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Mark Lanegan – Imitations

Elise Price


You may be familiar with Mark Lanegans’ solo career, or know him as a founding member of Screaming Trees, but you will almost definitely be familiar with some of his collaborative work. His unmistakable vocals have leant themselves to Isobel Campbell, Moby, Queens of the Stone Age to name just a few. Now the voice that seems to have seen the edge of time has created an album of covers, or to be precise, Imitations.

For those who have listened to Chelsea Wolfe, Flatlands may sound recognisable – perhaps too recognisable as it seems to be more a straight cover than a re-envisioning. It is nonetheless still beautiful, and Lanegans’ vocals add a wisdom to the track that gives change to the meaning. Similarly, as the album goes from folk to country, She’s Gone is an old country song that has been reborn, even if it is reborn in mostly the same clothes it was wearing before.

Possibly one of the most well known ‘originals’ on this album, You Only Live Twice, is probably one of the most diverse from it’s origin. A basic guitar melody provides the intro and it’s a unique change of heart for the song, but one I think Lanegan fans will enjoy.

A Sinatra number now with Pretty Colours, although you wouldn’t know it as it starts with faint resemblance. Surprisingly in comparison to the album so far, I feel this track has a more upbeat than the original does, which is a welcome transition. Brompton Oratory has a nice chilled-out-summertime-jazz feel and I’m grateful for the warmth it brings.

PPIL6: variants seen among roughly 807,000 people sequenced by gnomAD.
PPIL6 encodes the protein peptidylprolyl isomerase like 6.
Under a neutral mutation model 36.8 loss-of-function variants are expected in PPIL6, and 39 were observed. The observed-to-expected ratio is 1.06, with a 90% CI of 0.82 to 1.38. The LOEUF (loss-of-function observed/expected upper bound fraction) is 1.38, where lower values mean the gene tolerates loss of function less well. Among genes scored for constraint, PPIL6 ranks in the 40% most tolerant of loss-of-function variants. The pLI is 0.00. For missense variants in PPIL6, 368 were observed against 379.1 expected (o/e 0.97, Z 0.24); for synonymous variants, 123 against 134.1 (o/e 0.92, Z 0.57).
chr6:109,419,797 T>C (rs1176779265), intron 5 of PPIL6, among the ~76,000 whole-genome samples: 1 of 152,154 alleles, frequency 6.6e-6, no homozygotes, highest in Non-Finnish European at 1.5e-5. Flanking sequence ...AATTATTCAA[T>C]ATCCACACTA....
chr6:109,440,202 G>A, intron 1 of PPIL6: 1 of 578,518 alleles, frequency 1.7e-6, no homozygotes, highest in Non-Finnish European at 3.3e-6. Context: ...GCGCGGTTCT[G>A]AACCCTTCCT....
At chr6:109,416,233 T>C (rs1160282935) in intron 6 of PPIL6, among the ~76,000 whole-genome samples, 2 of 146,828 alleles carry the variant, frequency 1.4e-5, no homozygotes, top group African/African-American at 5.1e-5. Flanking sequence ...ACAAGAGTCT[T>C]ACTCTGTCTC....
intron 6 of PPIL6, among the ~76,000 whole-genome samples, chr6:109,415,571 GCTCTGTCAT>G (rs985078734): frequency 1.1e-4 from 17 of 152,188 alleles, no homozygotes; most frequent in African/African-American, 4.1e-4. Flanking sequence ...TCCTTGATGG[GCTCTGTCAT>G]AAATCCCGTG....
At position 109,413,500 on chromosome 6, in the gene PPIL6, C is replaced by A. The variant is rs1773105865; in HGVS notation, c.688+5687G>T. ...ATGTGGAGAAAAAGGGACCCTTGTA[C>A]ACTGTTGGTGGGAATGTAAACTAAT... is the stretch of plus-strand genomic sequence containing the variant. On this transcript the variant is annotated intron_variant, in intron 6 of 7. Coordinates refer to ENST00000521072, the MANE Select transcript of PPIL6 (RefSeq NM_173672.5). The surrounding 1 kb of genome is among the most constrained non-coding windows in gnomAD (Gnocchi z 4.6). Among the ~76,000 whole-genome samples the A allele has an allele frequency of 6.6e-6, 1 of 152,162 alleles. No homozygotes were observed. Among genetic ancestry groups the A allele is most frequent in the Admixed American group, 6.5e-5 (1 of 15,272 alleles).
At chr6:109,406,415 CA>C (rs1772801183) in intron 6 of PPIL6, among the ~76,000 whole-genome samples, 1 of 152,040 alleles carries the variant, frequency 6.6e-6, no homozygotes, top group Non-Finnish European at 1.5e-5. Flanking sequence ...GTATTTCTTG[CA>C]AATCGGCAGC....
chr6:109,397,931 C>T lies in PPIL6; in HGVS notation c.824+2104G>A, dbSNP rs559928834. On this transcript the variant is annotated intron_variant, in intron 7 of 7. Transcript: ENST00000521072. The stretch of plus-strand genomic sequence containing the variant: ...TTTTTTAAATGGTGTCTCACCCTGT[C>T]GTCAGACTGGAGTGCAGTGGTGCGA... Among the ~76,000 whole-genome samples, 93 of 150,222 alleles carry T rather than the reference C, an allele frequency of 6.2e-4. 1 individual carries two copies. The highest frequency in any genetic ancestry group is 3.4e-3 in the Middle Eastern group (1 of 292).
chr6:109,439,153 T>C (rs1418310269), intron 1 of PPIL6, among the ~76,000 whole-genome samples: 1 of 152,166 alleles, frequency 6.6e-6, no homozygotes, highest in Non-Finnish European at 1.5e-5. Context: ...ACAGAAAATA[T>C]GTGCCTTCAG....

Solitaire is one of three Andy Williams imitations on the album, it is soulful and beautiful and sad, and I love it. Lonely Street and Autumn Leaves make up the other Williams numbers – and I can’t help but feel a preference to these versions!

A classic, Mack the Knife, is transformed from Jazz to a plucky, understated folk number. I’m not the Loving Kind and Elegie Funebre are among the last tracks on the album, which have a chill but also a warmth that only Mark’s voice could produce.

At first, I was unsure why Mark Lanegan felt the need to create a ‘covers’ album, but it is the love for the people who have inspired him that shines out from the songs collected here, and I think maybe that is the reason I was looking for. I know that fans will be intrigued to see what he has conjured up, and think they will be very happy with the result, which, after creating so many different styles of music in the past, could it be the true Mark Lanegan style?